The MCU family feature a range of low power architectural techniques, operating modes, and autonomous peripherals with low power functionality. At a foundational level the 90nm TFS process technology delivers a significant reduction in dynamic power vs. comparable technologies. Extending this is the option to de-rate the clock frequency during periods when maximum performance is not required. With the MCU clock tree accounting for most of the power consumption (up to 30% in some designs), clock gating is available for many peripherals while a low power boot feature can configure default clock settings to reduce losses during the boot phase. For the most extreme application power profiles, memories and peripherals can also be power-gated when inactive. The MCUs contain 3 active and 4 standby operating modes each accompanied by multiple wake-up sources. In all modes, all memory and register contents are maintained which simplifies software handling especially in AUTOSAR related applications. These are: RUN modes – high speed RUN (HSRUN) mode allows over-drive conditions of up to 112 MHz whereas standard RUN mode limits the CPU clock to a maximum of 80 MHz. VLPR (very low power RUN) is new for automotive use cases and de-rates the core to 4 MHz while using a very low Idd for flash memory access. Here the internal regulator is placed in standby with full peripheral and low voltage detect functionality maintained. WAIT and very low power WAIT (VLPW) modes – similar to their equivalent run modes but the CPU is halted and flash memory and FlexMemory (EEPROM) programming is disabled. With interrupts enabled, the MCU can exit WAIT modes, perform the scheduled task and then quickly return to a low power state. This minimizes average power in applications that frequently toggle between active and reduced power states with savings of 30 to 60% achievable over RUN mode. STOP and VLPS – deep sleep modes where all I/O pins and several peripherals can function as wake-up sources. These have slightly longer wake-up times and are suited for applications where wake-up occurs infrequently. Current consumption at 25°C in VLPS mode starts from as low as 25µA with a recovery time of approximately 5µs.

Several of the analog, communication and timing peripherals can also perform basic timekeeping and monitoring tasks autonomously and in low power states. These include LPUARTs that can asynchronously transmit/receive LIN messages, and ADCs (1 Msps capable) that operate in low power states and activate when a threshold value has been reached. The DMA controller also allows data transfers in STOP/VLPS with the core inactive and minimal clocks enabled.

Figure 4. S32K software development kit

 

A typical body application use case would be fast sensor input measurement with power-up when pre-defined conditions have been met. This would be accomplished using the on-chip 128 kHz IRC (internal RC oscillator) to clock an API to wake the MCU every 10ms and toggle between VLPS and RUN mode. On power-up the MCU would switch to its 48 MHz IRC for fast execution. Conversely, in a slow sensor application the MCU would operate in VLPS using an 8 MHz IRC for reduced 4 MHz execution. When the sensor setting time has completed and data becomes available, the API would then change from VLPS to VLPR resulting in a much lower peak current. Another peripheral worth mentioning is the new FlexIO module. Highly configurable, it can emulate various communication peripherals – UART, I2C, SPI, and I2S – or generate 16-bit timers with support for trigger, reset, enable and disable conditions. Compared with GPIO software emulation schemes, the FlexIO module requires less CPU overhead and can operate in all power and debug modes.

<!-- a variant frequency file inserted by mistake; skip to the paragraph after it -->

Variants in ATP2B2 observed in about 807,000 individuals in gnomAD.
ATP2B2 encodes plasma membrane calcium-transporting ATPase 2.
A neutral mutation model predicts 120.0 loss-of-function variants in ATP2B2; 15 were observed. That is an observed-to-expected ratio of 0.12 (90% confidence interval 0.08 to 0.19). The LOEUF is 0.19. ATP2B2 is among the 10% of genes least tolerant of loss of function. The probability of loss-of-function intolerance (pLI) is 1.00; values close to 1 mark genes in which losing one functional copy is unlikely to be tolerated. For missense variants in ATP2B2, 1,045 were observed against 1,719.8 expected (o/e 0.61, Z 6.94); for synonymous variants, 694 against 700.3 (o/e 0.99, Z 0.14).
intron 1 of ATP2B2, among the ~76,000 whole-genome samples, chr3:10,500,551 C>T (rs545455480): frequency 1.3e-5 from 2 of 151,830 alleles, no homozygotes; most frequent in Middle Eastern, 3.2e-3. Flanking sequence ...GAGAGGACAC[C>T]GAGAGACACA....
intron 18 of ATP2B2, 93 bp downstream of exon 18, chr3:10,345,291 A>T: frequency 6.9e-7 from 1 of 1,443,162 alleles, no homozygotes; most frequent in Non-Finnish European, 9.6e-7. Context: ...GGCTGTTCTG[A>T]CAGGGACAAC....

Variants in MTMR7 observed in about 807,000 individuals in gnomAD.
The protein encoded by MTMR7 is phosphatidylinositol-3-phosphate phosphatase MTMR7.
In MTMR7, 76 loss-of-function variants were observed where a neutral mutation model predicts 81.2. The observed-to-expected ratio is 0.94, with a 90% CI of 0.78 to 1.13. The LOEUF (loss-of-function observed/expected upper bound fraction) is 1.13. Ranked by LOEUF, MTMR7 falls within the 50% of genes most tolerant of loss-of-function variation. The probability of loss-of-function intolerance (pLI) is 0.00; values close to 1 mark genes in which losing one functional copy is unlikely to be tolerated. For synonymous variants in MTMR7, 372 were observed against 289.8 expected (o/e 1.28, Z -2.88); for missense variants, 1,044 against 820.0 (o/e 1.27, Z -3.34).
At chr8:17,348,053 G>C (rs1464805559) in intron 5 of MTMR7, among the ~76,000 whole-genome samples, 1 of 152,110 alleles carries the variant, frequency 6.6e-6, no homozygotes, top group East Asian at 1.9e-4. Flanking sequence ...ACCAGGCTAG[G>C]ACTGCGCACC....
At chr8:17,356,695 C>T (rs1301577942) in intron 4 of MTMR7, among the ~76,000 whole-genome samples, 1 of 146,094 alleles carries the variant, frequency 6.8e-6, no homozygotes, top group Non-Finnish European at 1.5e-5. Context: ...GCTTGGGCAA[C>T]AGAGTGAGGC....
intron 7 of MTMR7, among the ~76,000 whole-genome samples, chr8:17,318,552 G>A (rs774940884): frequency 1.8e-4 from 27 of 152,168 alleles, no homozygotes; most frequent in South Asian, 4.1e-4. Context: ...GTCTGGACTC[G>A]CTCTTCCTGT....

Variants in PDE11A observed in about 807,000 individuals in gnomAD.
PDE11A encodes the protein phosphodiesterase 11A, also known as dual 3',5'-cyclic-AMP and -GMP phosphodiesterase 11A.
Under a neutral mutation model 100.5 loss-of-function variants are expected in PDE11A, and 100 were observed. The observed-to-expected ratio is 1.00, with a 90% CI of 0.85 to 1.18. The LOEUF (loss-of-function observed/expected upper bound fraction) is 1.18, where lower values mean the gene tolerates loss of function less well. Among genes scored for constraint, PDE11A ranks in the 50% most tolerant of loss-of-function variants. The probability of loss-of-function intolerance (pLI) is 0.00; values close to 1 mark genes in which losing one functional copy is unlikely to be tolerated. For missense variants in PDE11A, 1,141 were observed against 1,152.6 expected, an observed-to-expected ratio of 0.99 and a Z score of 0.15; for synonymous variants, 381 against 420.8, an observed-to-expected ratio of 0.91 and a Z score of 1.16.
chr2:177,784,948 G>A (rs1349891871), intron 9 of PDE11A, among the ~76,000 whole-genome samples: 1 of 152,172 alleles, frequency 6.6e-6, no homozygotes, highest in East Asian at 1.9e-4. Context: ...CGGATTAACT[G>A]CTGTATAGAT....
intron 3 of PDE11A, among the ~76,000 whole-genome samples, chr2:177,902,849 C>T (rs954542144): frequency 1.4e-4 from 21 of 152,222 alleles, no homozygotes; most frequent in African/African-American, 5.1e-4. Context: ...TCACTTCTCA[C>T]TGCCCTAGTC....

The MCUs are members of the NXP SafeAssure program and target the ASIL B integrity level with higher level compliance possible based on system level redundancies. Devices are designed in accordance with the ISO26262 standard with hardware and system level safety measures and comprehensive safety documentation. Features consist of error correcting code (ECC) on flash and RAM memories, a memory protection unit (MPU) for assigning secure access rights, internal and external watchdogs, a cyclic redundancy check (CRC) block and a structural core self-test library (SCST) for detecting permanent faults in the core. Detailed safety manual and FMEDA documentation is available to support system level certification.

The MCUs are supported by a range of automotive-grade development tools to speed and simplify the software development process. S32 Design Studio (S32 DS) is a free of charge, unlimited code size, Eclipse-based IDE with plug-in support. Using the Processor Expert tool included into S32 Design Studio, developers can configure the peripherals (internal and external) and software functionality using a simple GUI. The tool then generates highly optimized embedded C-code saving a huge amount of manual development effort.

For applications that do not require AUTOSAR support, an automotive-grade software development kit (SDK) is available. The SDK consists of free of charge peripheral drivers, the FreeRTOS operating system and application-specific middleware. MISRA 2012 and SPICE Level 3 compliant, the SDK comes pre-installed within the S32 DS IDE and is also compatible with third party compilers and debuggers including those from third party IAR Systems. The SDK plug-in for Design Studio greatly reduces the development effort, thanks to its GUI, where the developer can configure and drag and drop software functions to use the peripheral drivers.

With robust, high speed timers and analog peripherals, S32K MCUs are well suited to the growing number of in-car electric motor applications – fuel/oil/water pumps, HVAC systems and seats/mirrors. To assist developers a range of design tools are offered: embedded Automotive Math and Motor Control Library (AMMCLIB), Motor Control Toolbox for Matlab model-based design), and the FreeMASTER run-time debug monitor with Motor Control Application Tuner (MCAT) plug-in.